Does it bother you to be labeled as a confessional poet?

“Confessional,” in relation to poetry, seems to have become a dirty word, hasn’t it? Like the generation of girls who don’t want to call themselves feminists because they think it would mean that they hate men. It doesn’t bother me; I am a confessional poet. I write from experience. I write about the things I’ve done, the things I’ve witnessed, the things I’m looking for, the things I’ve lost. Is everything true? No. Is there truth in what the poems are looking for? I hope so.

 

Are you a feminist?

Yes.

 

Why do you think the confessional poem is still important?

Because it’s urgent. It’s intimate. It shows the reader something she can recognize.

 

So, is your speaker you?

She’s always a version of me.

 

How is she different?

Sometimes she’s more patient. Sometimes she’s more aggressive. Sometimes she can look someone right in the eye, in a way that I can’t. And sometimes she hides.

 

You also write persona poems, speaking through the voice of a lover, an ex, a lover’s ex, Andrea Yates, even. Can you talk about that?

There’s something very freeing about inhabiting another voice, looking at experience through different points of view, exploring identity by trying on different identities. It’s also a way of getting at the real truth of the experience you are trying to write about. The way my speaker sees things happening will be very different than how her lover does, her ex, her lover’s ex. This helps to inform not only what each of these women want, but will ultimately reveal what my speaker really wants, who she is, what she needs to say. These voices are all versions of me, too.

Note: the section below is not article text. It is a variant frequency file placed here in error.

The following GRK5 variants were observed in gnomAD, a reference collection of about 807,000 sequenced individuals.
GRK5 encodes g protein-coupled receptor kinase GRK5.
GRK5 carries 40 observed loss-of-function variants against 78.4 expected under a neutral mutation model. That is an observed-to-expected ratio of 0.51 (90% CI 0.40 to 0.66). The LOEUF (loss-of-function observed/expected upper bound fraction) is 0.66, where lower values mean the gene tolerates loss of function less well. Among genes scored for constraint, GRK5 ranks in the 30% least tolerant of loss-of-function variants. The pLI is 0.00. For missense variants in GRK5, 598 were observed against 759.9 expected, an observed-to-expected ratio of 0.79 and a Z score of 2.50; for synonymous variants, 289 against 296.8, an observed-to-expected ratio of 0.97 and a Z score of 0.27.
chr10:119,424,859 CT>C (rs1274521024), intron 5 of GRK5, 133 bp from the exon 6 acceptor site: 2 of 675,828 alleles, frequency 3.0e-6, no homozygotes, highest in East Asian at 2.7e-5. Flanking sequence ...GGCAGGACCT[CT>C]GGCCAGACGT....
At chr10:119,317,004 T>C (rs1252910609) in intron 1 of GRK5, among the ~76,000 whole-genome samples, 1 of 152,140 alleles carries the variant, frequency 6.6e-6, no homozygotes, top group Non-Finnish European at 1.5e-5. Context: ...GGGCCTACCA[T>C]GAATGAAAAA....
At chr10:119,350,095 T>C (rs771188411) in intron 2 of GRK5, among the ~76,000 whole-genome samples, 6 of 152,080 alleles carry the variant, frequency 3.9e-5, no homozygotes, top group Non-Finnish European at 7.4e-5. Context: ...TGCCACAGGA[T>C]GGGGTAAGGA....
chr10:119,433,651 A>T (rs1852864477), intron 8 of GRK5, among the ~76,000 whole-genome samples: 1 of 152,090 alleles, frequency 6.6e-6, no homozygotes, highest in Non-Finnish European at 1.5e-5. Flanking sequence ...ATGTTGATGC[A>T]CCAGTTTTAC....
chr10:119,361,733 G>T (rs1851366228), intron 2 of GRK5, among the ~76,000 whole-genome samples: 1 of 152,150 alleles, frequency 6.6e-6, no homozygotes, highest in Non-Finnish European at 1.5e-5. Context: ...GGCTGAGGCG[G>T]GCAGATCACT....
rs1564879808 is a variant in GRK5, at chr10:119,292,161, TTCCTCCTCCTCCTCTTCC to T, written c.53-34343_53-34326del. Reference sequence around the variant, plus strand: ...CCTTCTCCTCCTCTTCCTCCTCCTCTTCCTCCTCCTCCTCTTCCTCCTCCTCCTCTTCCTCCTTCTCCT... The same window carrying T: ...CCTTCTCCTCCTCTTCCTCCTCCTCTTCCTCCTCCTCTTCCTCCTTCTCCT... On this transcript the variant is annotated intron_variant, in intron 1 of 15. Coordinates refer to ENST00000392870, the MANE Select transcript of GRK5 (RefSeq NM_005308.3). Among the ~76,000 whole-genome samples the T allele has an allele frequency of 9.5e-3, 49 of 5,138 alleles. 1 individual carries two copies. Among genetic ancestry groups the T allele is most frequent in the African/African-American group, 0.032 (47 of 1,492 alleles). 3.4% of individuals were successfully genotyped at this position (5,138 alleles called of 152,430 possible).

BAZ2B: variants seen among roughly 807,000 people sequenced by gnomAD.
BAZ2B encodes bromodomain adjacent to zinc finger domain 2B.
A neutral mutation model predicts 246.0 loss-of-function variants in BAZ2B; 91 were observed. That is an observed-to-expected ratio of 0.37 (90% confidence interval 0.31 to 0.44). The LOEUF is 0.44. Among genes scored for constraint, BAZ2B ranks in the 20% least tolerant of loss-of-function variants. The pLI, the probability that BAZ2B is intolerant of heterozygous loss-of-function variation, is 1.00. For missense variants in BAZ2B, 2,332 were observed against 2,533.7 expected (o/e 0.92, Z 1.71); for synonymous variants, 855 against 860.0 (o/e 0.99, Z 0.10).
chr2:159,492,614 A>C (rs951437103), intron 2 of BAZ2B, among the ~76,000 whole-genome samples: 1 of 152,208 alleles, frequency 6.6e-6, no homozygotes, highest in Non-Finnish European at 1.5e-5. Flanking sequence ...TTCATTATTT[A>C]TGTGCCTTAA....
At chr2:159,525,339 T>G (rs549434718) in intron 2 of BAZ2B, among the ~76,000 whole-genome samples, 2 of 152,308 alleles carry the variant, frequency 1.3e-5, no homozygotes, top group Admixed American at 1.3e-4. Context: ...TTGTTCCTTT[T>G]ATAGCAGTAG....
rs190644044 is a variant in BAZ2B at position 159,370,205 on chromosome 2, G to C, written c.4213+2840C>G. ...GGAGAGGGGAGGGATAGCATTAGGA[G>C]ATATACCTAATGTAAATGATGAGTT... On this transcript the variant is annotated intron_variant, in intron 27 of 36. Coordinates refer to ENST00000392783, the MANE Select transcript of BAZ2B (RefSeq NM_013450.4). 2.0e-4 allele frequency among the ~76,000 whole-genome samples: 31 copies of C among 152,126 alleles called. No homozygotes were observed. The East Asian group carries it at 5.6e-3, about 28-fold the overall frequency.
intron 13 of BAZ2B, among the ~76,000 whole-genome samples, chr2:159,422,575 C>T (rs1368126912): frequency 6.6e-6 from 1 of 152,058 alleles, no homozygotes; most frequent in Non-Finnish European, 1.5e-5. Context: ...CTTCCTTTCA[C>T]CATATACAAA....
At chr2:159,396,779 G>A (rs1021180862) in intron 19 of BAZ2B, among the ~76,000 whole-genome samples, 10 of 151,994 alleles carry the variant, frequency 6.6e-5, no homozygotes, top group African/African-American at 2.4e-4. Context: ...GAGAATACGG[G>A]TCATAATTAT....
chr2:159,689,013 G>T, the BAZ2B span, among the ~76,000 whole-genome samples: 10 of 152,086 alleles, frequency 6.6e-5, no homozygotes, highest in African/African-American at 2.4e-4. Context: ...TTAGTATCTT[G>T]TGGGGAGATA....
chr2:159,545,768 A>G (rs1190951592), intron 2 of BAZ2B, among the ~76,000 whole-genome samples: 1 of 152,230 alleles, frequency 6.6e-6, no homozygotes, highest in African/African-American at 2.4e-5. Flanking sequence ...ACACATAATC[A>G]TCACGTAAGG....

A lover, an ex, a lover’s ex, okay. But Andrea Yates?

Andrea Yates is a voice in my chapbook, Bleeding Yellow Light. When I came to her, I had been searching for new subject matter. I was working at the New York Post, reading Cornelius Eady’s Brutal Imagination, in which he takes on the voice of the man Susan Smith claimed kidnapped her children. I was collecting headlines and bits of articles, hoping it all might lead me somewhere new. I tried on a few different voices before this one, but Andrea Yates’ story was so fascinating and terrifying. I thought by working through this voice and lens, I might find a new voice of my own.

 

Do you write poems about your own nervous breakdowns?

Yes. In fact, the worse shape I’m in, the more I’m writing.

 

Do you have nervous breakdowns over writing poems?

Yes. This is what I call a writing cycle.

 

What are you working on now? Tell us about your most current breakdown.

I can tell you that it has involved an electric typewriter and all nine seasons of The X-Files.We’ll see what that leads to. Stay tuned.

 

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HEATHER BARTLETT received her MFA in Poetry from Hunter College. Her poems have appeared in RealPoetik, California Quarterly, Conte, Melusine, The Evening Street Review, Third Wednesday, and others. Her chapbook, Bleeding Yellow Light, was published by From Yes Press in 2009. Before settling into teaching, Heather has worked as a copy clerk at The New York Post, as a publishing assistant for small press that publishes French literary translations, at an engineering firm, and at a window store. She is also an Associate Scottish Highland Dance teacher. Currently, she teaches writing and literature at Ithaca College and SUNY Cortland in upstate New York, and is Assistant Editor at Split Oak Press. She writes, grades papers, and longs for New York City from her small apartment in Ithaca, New York.

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